In this fertile land

May 1, 2009

April 30, 2009

I didn’t think much of it till this evening.  I am seated in the thatched gazebo engrossed in Tess Holthe’s When the Elephants Dance.  I am momentarily distracted when I hear some soft footsteps.  I look around and see our neighbor Diana with her placid infant.  I greet them, “Kuli Kayo,” Welcome Back.

Diana stays at home with her 2-month old daughter, 2-year old son, and 6-yr old step-daughter.  Diana joins me in the gazebo, and we exchange pleasantries.  While she and I converse, the 2-yr old and 6-yr old play amicably in the yard.  The 2-yr old soon strolls to his mother and climbs onto the smooth concrete platform.  As his mother explains to me the complexities of child rearing, the toddler turns his head to the wall of the platform, places his mouth on the wall, and sucks on it.  I point to Peter and inform his mother about his activity.  She asks him to stop in Lusoga, but he doesn’t pay much attention.  He continues the sucking along half the circumference of the gazebo.  Diana steps out of the gazebo for a second, and I jump up to tear his mouth away from the E.coli-ridden surface.  As soon as I pull his face away from the wall, he smiles mischievously as he pushes my hand away and places his face back on the wall.  I give up rescuing him from the mean microbes.  His mother steps into the gazebo again and continues our conversation.  She tells me she wants 6 children.  She inquires me how many I want.   I want to tell her I want none, but I say, “one.” She’s surprised to hear my answer.  I secretly wish I could tell her that one cute child (like Peter) would keep me on my toes all day.   A human child would probably take at least 5 yrs off your life expectancy.  I tell her that I admire that she decided to have another while Peter’s so young.  It’s getting dark, so I leave the gazebo to prepare our staple meal of rice and beans.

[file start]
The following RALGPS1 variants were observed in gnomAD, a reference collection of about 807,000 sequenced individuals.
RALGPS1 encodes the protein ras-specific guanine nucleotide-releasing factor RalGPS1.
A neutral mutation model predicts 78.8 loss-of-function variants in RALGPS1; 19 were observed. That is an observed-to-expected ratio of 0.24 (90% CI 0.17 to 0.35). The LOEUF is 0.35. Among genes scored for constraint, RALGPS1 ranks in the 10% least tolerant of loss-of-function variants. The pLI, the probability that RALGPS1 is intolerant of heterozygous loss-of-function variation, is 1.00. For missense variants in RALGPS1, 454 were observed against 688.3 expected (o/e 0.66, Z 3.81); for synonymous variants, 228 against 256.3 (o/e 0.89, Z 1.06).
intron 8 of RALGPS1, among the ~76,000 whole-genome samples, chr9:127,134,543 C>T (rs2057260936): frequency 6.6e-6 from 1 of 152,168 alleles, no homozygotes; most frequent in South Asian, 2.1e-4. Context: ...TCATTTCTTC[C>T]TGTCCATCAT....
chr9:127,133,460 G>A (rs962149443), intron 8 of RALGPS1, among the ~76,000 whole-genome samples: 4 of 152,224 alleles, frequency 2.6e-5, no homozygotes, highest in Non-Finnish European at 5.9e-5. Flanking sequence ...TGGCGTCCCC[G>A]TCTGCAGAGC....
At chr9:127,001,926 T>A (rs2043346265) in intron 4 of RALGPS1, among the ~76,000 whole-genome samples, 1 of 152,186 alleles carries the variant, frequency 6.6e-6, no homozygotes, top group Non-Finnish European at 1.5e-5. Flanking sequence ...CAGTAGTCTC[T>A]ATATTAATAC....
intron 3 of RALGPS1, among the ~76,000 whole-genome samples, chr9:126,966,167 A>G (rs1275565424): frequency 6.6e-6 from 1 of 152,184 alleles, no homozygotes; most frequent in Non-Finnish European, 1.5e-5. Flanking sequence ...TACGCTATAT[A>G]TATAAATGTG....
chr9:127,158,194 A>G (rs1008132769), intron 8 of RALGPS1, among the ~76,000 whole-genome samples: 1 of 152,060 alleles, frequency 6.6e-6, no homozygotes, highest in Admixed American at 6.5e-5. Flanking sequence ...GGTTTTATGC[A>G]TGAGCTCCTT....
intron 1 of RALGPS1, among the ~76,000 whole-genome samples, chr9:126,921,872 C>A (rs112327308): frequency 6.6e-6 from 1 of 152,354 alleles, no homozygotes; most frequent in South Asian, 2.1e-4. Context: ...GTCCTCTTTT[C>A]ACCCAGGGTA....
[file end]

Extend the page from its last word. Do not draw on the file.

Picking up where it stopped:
I return to the gazebo to eat dinner with Fractal, but go back into the house to find solace from the wailing of some children in the orphanage right beside our little haven.  That’s when the thought hits me.  I’m in the most fertile country in Africa.  On average, the Ugandan woman has 7 children in her lifetime.  The next day, as I walk to town, I notice babies, children, and teenagers everywhere.  They stand out like the lush green landscape.

“The contents of this Web site are mine personally and do not reflect any position of the U.S. Government or the Peace Corps.”


2 Responses to “In this fertile land”

  1. alex said


  2. myafricancorner said

    Maybe, Uganda’ll rub off on us & we’ll have a dozen.

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